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Review: Glenn Close Raises a Saint in ‘Mother of the Maid’

By BEN BRANTLEY

In Jane Anderson’s satisfyingly old-fashioned play about Joan of Arc’s mom, Ms. Close shows the stuff of which great stage stars are made.

Pull Up a Seat. Two Plays, Dinner and Western History Are Served.

By ERIC GRODE

A downtown theater has cleared the house to make room for Samuel D. Hunter’s pairing “Lewiston/Clarkston.”

Review: Stockard Channing Is a Mother to Remember in ‘Apologia’

By BEN BRANTLEY

Portraying a celebrated art historian with two resentful sons, Ms. Channing finds the anguished heart in a didactic comic drama.

Tom Stoppard, Always Tackling ‘The Hard Problem’

By ALEXIS SOLOSKI

Can a drama about the nature of consciousness be emotional, too? For its latest production, he’s tinkered with the script to firmly answer yes.

Review: In ‘Fireflies,’ the Preacher’s Wife Gets Her Say

By JESSE GREEN

Donja R. Love’s fantasia on the married life of a great civil rights orator suggests the price paid by the woman who gives him his voice.

A Playwright’s LSD Trip Becomes a Psychedelic Journey

By MATT TRUEMAN

The British playwright Leo Butler believes that taking acid can have beneficial effects. His new play explores how he thinks it can help.

For Aasif Mandvi, a 20-Year-Old Play Now Feels Like ‘Political Resistance’

By ROBIN POGREBIN

“Sakina’s Restaurant,” which put him on the map, has new resonance, which is why he’s summoning the energy to play all its roles all over again.

‘The Ferryman’ Shows a Dark Irish Chapter Through a Personal Lens

By LAURA COLLINS-HUGHES

It took persuading, but Jez Butterworth wrote his new play for his partner, Laura Donnelly, both to honor her history and give her a great part.

She’s 17, Sardonic and Ready to Sing in ‘Beetlejuice’

By ALEXIS SOLOSKI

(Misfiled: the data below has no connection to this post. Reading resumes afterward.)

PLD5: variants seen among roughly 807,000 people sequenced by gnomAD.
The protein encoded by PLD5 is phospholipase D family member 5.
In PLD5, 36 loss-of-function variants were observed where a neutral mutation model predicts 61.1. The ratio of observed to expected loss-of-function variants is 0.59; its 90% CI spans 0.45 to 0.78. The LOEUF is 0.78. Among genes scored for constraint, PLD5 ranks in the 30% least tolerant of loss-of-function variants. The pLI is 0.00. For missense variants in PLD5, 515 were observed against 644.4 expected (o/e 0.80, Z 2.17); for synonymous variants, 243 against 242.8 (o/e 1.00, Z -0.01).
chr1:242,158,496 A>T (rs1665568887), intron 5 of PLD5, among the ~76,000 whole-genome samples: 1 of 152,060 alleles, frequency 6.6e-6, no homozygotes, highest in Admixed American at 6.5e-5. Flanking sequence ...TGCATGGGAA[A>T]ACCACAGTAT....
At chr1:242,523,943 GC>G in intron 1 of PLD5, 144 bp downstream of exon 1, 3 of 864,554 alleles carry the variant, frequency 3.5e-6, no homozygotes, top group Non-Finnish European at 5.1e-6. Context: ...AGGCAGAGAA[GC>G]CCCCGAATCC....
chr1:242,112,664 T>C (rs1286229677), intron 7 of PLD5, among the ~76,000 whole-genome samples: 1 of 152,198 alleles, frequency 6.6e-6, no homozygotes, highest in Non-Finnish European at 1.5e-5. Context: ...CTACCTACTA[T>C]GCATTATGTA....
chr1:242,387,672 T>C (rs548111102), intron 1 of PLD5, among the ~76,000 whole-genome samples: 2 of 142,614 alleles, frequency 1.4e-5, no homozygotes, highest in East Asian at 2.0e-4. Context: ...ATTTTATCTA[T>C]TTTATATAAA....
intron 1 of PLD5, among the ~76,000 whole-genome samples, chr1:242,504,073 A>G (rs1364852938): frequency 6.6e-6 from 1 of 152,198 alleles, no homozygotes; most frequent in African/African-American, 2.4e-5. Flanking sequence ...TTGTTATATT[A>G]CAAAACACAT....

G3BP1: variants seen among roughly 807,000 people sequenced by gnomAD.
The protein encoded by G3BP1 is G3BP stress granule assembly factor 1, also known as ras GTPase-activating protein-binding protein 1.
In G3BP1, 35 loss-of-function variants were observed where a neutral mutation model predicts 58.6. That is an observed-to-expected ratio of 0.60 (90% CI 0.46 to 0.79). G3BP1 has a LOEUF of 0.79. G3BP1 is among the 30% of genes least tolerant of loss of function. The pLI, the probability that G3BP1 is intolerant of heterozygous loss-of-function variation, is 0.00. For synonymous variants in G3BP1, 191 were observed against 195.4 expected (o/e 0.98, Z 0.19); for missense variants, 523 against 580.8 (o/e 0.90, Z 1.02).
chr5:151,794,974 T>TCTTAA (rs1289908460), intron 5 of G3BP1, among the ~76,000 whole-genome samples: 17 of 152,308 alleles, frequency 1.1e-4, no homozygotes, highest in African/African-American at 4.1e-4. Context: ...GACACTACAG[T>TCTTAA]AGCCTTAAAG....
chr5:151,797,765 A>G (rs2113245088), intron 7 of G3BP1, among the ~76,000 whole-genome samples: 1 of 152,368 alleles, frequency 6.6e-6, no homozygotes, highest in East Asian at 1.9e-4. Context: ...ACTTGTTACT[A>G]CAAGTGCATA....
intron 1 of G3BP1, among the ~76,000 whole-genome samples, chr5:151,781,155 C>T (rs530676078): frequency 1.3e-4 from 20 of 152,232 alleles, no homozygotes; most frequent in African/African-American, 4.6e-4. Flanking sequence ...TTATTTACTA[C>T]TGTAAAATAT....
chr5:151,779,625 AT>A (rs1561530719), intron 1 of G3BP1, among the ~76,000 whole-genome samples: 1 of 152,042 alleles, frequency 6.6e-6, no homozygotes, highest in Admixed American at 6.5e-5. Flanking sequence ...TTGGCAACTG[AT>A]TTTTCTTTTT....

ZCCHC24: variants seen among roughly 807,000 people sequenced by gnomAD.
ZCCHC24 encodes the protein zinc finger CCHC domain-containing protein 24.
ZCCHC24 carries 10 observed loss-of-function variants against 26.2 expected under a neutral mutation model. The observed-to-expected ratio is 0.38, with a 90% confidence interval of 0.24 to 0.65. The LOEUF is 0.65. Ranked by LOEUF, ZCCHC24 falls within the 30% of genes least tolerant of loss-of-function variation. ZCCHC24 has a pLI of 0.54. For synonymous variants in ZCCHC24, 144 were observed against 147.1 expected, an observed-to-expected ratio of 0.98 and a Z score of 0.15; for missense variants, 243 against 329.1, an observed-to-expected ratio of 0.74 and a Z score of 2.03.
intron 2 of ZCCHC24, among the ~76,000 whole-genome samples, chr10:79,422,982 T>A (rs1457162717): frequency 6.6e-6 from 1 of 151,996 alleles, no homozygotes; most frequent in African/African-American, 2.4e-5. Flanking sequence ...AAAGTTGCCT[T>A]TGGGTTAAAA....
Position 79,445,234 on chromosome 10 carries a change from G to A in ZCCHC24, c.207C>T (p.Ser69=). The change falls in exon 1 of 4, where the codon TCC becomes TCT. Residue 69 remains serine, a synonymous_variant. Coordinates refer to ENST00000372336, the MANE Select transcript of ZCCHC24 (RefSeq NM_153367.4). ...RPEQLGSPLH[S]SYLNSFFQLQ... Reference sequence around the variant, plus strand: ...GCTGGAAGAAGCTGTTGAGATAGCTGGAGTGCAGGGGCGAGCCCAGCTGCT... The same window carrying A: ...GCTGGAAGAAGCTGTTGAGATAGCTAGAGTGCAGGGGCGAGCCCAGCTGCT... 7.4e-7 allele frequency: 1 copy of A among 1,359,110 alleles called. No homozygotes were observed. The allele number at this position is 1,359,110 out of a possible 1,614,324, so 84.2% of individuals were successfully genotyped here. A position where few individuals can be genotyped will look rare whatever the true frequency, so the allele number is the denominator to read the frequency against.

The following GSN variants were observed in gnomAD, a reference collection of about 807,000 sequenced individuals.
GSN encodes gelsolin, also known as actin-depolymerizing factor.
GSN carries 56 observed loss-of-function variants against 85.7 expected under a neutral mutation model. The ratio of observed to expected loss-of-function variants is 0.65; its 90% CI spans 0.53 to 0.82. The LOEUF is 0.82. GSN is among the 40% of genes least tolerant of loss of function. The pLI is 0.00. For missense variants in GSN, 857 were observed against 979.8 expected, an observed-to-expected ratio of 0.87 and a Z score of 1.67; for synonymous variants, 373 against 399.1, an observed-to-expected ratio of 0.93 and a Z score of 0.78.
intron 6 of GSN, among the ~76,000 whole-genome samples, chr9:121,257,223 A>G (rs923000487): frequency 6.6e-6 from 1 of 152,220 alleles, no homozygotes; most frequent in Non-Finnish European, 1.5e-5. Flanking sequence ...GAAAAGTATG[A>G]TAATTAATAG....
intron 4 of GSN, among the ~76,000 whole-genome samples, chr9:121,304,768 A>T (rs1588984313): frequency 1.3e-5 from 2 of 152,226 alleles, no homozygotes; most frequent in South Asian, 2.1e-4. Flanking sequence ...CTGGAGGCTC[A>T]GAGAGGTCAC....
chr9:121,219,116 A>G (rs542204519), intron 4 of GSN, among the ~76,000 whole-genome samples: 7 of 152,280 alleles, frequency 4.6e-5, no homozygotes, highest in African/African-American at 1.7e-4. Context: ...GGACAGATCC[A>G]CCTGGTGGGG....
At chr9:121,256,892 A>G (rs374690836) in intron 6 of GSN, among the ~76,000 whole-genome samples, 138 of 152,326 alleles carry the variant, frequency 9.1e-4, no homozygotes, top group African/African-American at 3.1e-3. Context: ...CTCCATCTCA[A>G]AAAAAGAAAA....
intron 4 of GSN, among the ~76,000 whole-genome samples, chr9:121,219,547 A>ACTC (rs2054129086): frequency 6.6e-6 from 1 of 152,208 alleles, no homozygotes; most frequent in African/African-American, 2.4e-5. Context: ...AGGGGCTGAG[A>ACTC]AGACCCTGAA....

Condescend at your own risk to Sophia Anne Caruso, the go-to girl for adventurous stage roles. “Even from a young age,” she says, “I had very finicky taste.”

A Playwright’s LSD Trip Becomes a Psychedelic Journey

By MATT TRUEMAN

The British playwright Leo Butler believes that taking acid can have beneficial effects. His new play explores how he thinks it can help.

Review: There’s a Dark, Golden Haze in This Reclaimed ‘Oklahoma!’

By JESSE GREEN and BEN BRANTLEY

A stripped-down, communal version of the 1943 musical reveals a great complex work of theater, with chili and cornbread included.

Review: Wrestling With a Master in ‘On Beckett’

By BEN BRANTLEY

Bill Irwin blurs the lines between clown and dramatic actor in an insightful anatomy of the works of Samuel Beckett.

An ‘Intoxicating’ Singer, Whether It’s Green Day or ‘Oklahoma!’

By ROB WEINERT-KENDT

Still waiting for her signature role, the versatile Rebecca Naomi Jones is changing things up in a stripped-down new staging of the musical classic.

Review: ‘Girl From the North Country’ Sets the Darkness Aglow

By BEN BRANTLEY

Conor McPherson’s bleak tale of a Minnesota boardinghouse in the Great Depression finds a luminous transcendence in the Dylan song book.

Review: Great Pretenders Pocket Laughs in ‘The Nap’

By BEN BRANTLEY

Richard Bean’s comedy about a wayward attempt to fix a snooker match tickles its audiences into contentment.

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